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Amazon deforestation: An area the size of a million football pitches lost every year

Credit: WWF

Figures from the Brazilian Environment Ministry reveal that deforestation in the Amazon has reached a level unmatched for ten years. In just one year, the equivalent of “a million football pitches” have been chopped down.

Deforestation in Brazil  increased by 13.72% between August 2017 and July 2018, according to official figures recently released by the Brazilian Environment Ministry. The are of deforestation during this period is estimated to be about 7 900 km2 which is the equivalent of 5.2 times the city of Sao Paulo, or “one million football fields“, according to Greenpeace (987 000 football fields, more precisely).

“It is going to get worse”

A lot of the forest has been destroyed,” said Marcio Astrini, Greenpeace’s public policy coordinator in Brazil. The situation is very worrying And it is going to get worse. Brazil’s Environment Minister Edson Duarte notes the need “to increase the mobilization of all levels of government, society and productive sector to fight against illegal environmental activities“. But the Brazilian government does not seem to be on the same page.

After having declined for several years, there is now more deforested areas of the Amazon than since 2013. At that time, President Dilma Rousseff was in power. Relinquished in 2016, his former Vice President Michel Temer then over. Unfortunately, the new President has continued to make laws in favour of the agri-food sector. Environmentalists now fear that the situation will worsen even more with the inauguration of new President-elect Jair Bolsonaro in January (supported by agribusiness lobbies).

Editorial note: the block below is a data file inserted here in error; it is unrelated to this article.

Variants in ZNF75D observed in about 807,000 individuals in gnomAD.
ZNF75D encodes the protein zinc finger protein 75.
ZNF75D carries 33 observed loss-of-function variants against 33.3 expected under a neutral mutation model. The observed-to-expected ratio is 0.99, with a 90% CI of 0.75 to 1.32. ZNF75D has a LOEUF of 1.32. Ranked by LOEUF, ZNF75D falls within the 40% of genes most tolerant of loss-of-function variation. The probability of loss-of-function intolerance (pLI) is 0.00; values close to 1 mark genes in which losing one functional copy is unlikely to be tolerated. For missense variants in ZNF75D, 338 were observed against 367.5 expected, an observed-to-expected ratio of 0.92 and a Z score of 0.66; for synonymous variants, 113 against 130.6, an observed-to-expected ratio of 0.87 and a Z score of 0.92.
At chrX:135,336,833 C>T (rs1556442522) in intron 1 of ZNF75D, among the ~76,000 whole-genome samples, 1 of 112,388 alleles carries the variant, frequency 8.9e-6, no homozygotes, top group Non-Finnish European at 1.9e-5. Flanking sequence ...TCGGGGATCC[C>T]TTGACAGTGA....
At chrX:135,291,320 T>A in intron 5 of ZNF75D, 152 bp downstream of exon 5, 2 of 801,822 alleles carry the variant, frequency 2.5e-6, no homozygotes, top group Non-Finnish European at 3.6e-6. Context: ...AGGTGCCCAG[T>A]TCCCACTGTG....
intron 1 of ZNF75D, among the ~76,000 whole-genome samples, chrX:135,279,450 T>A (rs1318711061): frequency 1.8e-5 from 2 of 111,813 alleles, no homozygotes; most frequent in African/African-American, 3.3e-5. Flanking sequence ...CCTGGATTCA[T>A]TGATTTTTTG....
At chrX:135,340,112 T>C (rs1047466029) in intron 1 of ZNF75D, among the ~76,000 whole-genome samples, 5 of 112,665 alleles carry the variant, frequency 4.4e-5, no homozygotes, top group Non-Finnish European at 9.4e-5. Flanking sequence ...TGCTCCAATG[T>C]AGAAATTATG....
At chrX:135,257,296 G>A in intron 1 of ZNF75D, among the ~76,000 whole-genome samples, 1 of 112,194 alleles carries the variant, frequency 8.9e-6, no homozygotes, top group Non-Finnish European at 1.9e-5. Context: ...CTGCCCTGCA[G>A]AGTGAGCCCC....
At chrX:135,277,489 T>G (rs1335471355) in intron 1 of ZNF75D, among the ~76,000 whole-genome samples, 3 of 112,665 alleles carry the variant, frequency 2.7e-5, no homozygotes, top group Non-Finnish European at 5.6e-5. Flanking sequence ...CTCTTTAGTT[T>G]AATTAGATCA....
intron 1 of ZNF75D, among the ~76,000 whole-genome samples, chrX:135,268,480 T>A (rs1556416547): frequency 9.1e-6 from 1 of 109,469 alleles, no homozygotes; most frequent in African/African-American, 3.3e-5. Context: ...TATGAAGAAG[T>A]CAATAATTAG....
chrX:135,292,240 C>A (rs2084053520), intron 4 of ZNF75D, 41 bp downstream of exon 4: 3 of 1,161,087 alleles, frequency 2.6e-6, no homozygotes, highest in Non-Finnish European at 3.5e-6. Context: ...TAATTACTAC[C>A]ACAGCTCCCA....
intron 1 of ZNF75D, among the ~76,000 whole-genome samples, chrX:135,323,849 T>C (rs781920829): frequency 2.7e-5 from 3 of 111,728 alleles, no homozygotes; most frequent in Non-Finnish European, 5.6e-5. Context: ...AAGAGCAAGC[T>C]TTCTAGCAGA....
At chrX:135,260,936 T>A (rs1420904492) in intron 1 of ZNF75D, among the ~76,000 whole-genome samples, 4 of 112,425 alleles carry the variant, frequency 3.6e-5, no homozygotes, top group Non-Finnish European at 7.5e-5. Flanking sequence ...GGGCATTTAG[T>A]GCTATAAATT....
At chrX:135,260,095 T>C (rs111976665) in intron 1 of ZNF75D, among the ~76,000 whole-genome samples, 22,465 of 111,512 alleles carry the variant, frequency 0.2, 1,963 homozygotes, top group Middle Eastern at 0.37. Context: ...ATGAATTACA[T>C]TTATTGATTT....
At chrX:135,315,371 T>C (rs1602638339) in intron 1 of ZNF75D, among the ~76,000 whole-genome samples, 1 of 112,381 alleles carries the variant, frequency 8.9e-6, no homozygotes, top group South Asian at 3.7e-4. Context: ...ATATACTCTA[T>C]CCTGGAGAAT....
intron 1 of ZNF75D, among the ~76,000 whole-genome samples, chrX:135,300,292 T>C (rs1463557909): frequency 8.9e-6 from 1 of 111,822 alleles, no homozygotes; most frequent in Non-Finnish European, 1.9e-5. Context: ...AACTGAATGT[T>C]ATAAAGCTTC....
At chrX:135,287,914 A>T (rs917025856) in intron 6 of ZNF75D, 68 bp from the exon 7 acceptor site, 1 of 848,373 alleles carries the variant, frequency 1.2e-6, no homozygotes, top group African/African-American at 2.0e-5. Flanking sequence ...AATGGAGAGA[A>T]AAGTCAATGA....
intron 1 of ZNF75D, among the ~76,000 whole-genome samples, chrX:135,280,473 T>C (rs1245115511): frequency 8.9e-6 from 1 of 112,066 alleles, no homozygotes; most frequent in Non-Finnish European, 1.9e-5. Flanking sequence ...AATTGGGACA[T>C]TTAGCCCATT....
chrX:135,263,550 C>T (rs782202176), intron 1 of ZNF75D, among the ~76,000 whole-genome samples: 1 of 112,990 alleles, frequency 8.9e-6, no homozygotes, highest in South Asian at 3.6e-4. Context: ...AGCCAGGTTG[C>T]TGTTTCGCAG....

Amazonie forêt
Credits : Wikimedia Commons.

Bolsonaro threat

In early September, Jair Bolsonaro threatened to leave the Climate Agreement if he was elected. A threat that came in response to the implementation of a transnational ecological corridor project called “Triple A”. This project involved the opening of an environmental protection zone from the Andes to the Atlantic Ocean, crossing the Amazon. The project has been held back as, as Brazil has said it would maintain it’s signature in the Paris Climate Agreement, but under certain conditions.  He stated in a recent press conference in Rio de Janeiro that “If it is written to me in black and white that there is no question of the  “Triple A ” project, no more than independence of any Indian land, I will maintain (Brazil in) the Paris Agreement.”

Amazon almost at the point of no return

The Climate Observatory (Observatório doClima), a non-profit network dedicated to climate change, reported last year that 46% of Brazil’s greenhouse gas emissions were due to deforestation. A new study published last February in the journal Science Advances also revealed that 17% of the Amazon rainforest had disappeared in the last 50 years. Some experts say that past 20%, the Amazon rainforest could reach the point of no return.

Intensive farming continues to be the main reason for extreme deforestation of the rainforest.  Whole sections of forests in the Amazon are felled either for grazing cattle, or to grow soy to largely feed these animals.


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